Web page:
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When to write up a nonconformance and require a NCR - We produce labels

#1
Hello to everybody.
I ve been browsing looking for Guide about when to raise a ncr(non-conformity report) and nothing is found.
It is clear is not worth to raise ncr for everything.
For one side when something is found defective but is a minor problem, is not convenient to raise it.(lot of paperwork, no value added)
It is clear if it is a considerable amount of defective product, of course it has to be done.
The problem is , people ask, well , when to raise it? In what amount of bad product?.
According to some % of bad product? Or cost of defective product?
It is not clear to establish a % because for example, we produce labels, very big and very small, in sheets of 30x90 inches size.sometimes we produce
20 big labels in 20 sheets (1 label in each sheet) if I define that with 10% in defective production I will raise a NCR, ok sound good. But if I produce 5000 small labels in 20 sheets (250 en each sheet), in this case 10 % is very little.
So is not possible to use this criteria.
I wonder what are some used practices for these cases?
Could someone give some insights?
Thanks
Pd .in this case we want to prepare almost all operators in the production team to raise the ncr and no to depend of the quality inspector to be raised.
 

Jen Kirley

Quality and Auditing Expert
Staff member
Admin
#2
One feature I always liked in my Nonconformance Tracking Log was its application of three criteria to help decide the extent of action for addressing nonconformances. I would like to take credit for that, but that design was from an Environmental Engineer I worked with. In the Log I attached, you can use whatever criteria suit your business and customers.

It makes sense to not treat all the same way, based on risk and value. Still, all need to be addressed in some way and it is important to record them so you can understand if there are repeats that would indicate your actions need to be enhanced.
 
#3
Qualprod, most businesses produce defective product. There are many ways to deal with it. Here is one approach. Does the defect occur repeatedly and perhaps relate to the same product, materials, machine, workers, process, etc. Then you should document the n/c followed by a c/a to eliminate or mitigate the issue. I cover this and many other approaches in my eCourse "Understanding ISO 9001:2015.
Thanks Artjlewis
The point Is : how to define a clear criteria to raise the ncr .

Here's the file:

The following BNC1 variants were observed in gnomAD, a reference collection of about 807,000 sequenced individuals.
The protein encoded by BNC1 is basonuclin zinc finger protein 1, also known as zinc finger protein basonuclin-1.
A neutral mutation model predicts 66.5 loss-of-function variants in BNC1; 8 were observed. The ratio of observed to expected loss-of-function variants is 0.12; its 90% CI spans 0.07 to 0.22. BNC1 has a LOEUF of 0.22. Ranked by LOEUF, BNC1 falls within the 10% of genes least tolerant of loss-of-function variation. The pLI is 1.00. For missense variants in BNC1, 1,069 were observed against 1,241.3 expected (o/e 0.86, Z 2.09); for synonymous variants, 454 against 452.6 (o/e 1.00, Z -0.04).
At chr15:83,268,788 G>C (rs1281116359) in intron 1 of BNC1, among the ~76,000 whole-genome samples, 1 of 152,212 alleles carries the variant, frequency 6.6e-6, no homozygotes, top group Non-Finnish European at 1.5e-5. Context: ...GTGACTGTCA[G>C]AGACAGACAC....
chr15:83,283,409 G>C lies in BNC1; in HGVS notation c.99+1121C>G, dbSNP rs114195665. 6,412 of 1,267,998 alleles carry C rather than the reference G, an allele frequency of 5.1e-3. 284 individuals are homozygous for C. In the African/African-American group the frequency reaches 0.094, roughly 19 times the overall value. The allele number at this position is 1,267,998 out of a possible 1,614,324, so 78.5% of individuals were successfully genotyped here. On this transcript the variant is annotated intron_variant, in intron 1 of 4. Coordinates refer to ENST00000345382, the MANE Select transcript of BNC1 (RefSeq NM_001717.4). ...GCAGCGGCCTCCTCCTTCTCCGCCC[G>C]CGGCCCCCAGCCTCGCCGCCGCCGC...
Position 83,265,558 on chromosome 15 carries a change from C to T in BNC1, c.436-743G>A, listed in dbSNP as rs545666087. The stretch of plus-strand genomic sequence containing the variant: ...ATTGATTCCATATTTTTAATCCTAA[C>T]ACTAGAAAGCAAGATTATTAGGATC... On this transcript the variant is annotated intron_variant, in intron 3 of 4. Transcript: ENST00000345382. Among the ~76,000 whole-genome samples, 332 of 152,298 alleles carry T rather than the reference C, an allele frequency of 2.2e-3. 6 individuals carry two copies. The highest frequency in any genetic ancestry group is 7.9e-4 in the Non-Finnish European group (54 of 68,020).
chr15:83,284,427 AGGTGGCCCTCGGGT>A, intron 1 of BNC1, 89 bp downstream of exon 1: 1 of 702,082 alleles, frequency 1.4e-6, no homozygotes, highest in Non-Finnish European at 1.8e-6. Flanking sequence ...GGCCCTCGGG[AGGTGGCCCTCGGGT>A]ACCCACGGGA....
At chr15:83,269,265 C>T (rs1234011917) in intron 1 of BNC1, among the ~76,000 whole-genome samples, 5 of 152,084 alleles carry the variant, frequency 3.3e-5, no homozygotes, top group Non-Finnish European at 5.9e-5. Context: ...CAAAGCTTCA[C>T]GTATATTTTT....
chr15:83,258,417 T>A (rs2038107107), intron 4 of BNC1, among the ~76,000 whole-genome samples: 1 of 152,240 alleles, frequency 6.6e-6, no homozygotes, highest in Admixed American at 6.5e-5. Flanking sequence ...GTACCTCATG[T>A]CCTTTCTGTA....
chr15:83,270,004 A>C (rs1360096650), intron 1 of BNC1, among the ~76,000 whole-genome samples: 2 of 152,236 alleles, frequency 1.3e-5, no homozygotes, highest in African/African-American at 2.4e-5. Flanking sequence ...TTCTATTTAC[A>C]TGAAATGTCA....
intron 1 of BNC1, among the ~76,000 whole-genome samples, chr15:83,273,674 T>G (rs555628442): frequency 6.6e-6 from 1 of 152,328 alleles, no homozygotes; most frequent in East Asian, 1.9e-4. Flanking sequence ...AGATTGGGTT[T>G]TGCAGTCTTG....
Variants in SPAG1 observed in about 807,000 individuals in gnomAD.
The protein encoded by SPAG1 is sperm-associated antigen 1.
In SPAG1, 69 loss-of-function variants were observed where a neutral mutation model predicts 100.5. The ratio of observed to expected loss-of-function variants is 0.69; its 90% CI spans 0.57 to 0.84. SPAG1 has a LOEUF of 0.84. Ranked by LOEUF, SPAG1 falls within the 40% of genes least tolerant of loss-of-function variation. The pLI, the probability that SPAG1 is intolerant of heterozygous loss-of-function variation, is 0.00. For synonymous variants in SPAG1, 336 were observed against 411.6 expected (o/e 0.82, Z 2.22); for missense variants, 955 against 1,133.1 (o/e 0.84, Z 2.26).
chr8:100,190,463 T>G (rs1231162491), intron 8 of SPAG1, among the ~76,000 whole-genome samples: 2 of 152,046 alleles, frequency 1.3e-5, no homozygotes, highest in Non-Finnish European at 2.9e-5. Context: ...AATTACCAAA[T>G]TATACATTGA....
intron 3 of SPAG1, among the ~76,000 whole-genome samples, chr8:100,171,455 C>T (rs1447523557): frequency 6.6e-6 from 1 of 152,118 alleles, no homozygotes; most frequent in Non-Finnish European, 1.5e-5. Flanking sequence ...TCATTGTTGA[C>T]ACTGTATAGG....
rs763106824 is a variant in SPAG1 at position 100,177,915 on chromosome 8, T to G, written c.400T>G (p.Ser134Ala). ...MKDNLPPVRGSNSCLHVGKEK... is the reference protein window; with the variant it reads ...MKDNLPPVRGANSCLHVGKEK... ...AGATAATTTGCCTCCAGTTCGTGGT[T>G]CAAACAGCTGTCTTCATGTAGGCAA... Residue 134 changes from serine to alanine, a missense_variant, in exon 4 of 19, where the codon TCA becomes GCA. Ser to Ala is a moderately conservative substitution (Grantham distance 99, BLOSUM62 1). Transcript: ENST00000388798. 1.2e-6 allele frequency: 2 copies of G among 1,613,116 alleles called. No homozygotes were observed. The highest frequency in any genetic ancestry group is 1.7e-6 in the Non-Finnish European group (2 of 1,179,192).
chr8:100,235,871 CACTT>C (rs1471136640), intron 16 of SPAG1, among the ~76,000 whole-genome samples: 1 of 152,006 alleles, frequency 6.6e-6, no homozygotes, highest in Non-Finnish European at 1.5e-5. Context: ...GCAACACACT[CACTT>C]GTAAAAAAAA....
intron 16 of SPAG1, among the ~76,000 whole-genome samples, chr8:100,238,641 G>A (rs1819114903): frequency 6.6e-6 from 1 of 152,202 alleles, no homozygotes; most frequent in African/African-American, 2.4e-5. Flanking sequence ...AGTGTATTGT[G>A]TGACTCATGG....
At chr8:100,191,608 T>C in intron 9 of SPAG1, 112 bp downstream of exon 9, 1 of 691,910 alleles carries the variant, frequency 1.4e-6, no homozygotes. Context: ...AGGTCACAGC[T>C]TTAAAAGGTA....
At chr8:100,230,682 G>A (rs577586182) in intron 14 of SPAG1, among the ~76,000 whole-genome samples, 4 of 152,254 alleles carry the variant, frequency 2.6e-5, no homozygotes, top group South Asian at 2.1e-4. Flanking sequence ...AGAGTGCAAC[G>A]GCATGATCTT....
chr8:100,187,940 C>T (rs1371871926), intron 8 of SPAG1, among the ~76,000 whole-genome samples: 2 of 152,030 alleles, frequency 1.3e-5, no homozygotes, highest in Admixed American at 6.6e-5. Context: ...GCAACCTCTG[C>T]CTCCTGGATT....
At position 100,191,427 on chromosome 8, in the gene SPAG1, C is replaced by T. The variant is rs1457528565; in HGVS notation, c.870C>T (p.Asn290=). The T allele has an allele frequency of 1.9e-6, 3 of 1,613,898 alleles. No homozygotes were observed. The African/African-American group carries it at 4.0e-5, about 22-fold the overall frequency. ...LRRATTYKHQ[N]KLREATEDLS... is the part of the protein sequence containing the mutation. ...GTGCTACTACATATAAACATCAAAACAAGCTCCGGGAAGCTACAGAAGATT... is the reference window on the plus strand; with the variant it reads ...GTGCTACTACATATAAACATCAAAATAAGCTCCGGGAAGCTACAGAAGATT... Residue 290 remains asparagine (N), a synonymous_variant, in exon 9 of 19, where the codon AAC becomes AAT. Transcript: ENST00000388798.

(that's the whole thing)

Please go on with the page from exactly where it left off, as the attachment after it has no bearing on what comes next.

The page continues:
I mean don't want to raise reports for all the cases, I will have cases with very little defective product, while others with too much.
I have heard someone there , it is possible to have a list of criteria, by type of product, cost, percentages, but have no idea where to start
Thanks
 

John Broomfield

Staff member
Super Moderator
#4
Be more careful with your terminology. Nonconformity is not necessarily defective product.

Take a look at your acceptance criteria: do they define requirements so as to allow blemishes that are acceptable to your customers?

Now take a look at your NCR form. Why is it such a pain to complete? Can NC reporting be simplified to provide data that leads to valuable information?

From what you say you have a hair trigger invocation of onerous NC controls. So, apply your risk management thinking or process to tame your NC controls so they protect your reputation while being feasible and valuable.
 

indubioush

Involved In Discussions
#5
It sounds like you need a process for production sort/scrap. Then you can trend your yields and open a CAPA if you see a drastic change. For example, let's say you print 50 labels and one is smeared. If your manufacturing procedures instruct you to reject out that label, you would not open an NCR. Your yield is now 49/50. On the other hand, if you print 50 labels, box them up and then later realize your label had the wrong information on it, that is an NCR.
 

Pancho

wikineer
Super Moderator
#7
Hello to everybody.
I ve been browsing looking for Guide about when to raise a ncr(non-conformity report) and nothing is found.
It is clear is not worth to raise ncr for everything.
That’s not so clear to me. I’d advice to record nearly all nonconformities. Records needn’t be complex. A quick entry into your database takes little effort. You can consolidate several similar instances into one record. And the record provides solid evidence of your handling of the NCs if a problem shows up later.

No record invites sloppy work. Without a record, how can you even be sure that NCs are really that? Or that they are being handled properly? If NC handling is “a lot of paperwork”, then maybe you need to look at your NC handling procedure.